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So where to start? I know, I know, I am not the most knowledgeable in comics or video games, but there is quite the plethora of zombie-flavored options in those genres to partake in. I did purchase the application “Zombies, Run!” for my iPhone but haven’t have time to yet try it out. But zombie video games are actually even more popular than the novel genre, having it’s own Wikipedia page just dedicated to zombie gaming. Glancing through it, I thought Call of Duty was mostly an army game, but it looks like they’ve had multiple zombie themed battle games since I guess blowing off the heads of the undead is probably more justifiable than doing so to the live soldier from another country. And even I knew that the movie series Resident Evil was actually derived from a video game. Since there were too many games to mention that I have never actually played, I counted them for you. There are 127 video games related to zombies listed on Wikipedia, and I thought the most creative name of them all was Little Red Riding Hood’s Zombie BBQ.  Wow, that can leave your mind with a lot of images if you are creative.

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And while I don’t read many comics, I am aware that The Walking Dead TV show was actually written based on a comic book series. SPOILER ALERT!!! I also know that poor Glenn, one of my favorites, is destined to die if you follow the comics, so here’s to hoping that the TV series strays somewhat. But aside from The Walking Dead, there are zombie comics’ series in both the DC and Marvel worlds, including one that sounds particularly interesting where most of the Marvel Universe’s superheroes are turned in to zombies.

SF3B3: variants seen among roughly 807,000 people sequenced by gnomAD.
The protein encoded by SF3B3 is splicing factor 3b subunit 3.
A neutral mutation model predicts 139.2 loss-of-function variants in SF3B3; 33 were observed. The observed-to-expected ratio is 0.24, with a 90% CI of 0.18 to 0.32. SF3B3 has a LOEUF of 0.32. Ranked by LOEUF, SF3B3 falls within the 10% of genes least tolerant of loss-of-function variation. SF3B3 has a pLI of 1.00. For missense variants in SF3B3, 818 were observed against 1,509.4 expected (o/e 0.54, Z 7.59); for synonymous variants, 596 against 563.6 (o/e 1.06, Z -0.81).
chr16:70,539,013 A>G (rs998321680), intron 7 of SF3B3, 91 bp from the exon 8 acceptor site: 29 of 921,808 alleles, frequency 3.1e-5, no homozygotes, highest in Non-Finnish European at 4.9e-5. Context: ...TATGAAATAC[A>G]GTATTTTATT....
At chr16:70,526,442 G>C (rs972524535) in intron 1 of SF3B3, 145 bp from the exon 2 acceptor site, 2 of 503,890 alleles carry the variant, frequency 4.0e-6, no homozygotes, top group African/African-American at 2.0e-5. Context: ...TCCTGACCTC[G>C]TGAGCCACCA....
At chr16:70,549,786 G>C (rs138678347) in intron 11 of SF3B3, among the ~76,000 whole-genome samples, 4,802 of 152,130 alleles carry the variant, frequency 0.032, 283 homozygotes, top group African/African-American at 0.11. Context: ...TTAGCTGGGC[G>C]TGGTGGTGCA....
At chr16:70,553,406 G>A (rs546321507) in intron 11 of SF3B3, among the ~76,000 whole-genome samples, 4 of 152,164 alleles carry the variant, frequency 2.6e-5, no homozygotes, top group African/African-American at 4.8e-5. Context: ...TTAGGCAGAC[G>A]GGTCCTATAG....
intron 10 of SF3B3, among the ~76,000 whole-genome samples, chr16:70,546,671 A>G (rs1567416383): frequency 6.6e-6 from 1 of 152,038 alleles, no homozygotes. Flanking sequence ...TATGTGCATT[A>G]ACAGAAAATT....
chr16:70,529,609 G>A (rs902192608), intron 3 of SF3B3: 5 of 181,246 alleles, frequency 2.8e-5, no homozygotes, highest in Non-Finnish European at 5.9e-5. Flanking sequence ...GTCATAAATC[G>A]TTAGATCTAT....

But film and novels are where I became obsessed with brain-eaters. Let’s go through some of my personal favorites.

As I said earlier, we have to thank George Romero for the creation of the modern zombie. And I can’t really describe his films with much better love and adoration than C-Mart, so I leave you with the link to his amazing post on the Romero films. These films terrorized adults and children alike, and have created the doorway for our modern zombie to become a central character in many horror movies.

Bringing scary to another level are the 28 Days Later and 28 Weeks Later films. While many decades after Romero’s original film, these zombies in my mind were some of the first that didn’t bumble around slowly, but pushed your adrenalin to the limit as they can fucking run. I personally prefer the haunted-house horror scenes from Days, and think that film was one of the most terrifying zombie films I have ever enjoyed. Now Weeks is quite a bit different, but has some elements that make it redeemable. While we missed the whole outbreak in Days, since our main character wakes up from a coma 28 days after the outbreak in a secured hospital bed, Weeks tries to give us that fear of being right in the middle of an outbreak as a city falls apart. Of course, the blood and gore of this film I think got a little over the top for shock value, but it was a creepy film nonetheless.

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Continuing on through my collection, I have to put a shout out for the comedic films in the zombie films. Shaun of the Dead will always be my favorite of the Cornetto trilogy, and to this day has me on the edge of my seat laughing and enjoying the thrill of a British zombie apocalypse. This is a must see if you have not indulged in it yet.

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Additionally, Zombieland is probably in my top 10 favorite movies. The awkwardness of Jesse Eisenberg combined with the kick-ass Woody Harrelson is superb, and adding an imposter zombie Bill Murray just adds to the hilarity. I have been debating whether or not I should get “The Rules” from Zombieland tattooed on my body somewhere so that I am prepared for the world’s first zombie outbreak. There have also been rumors of a sequel to this amazing film, and I will keep hoping that that ends up being the case.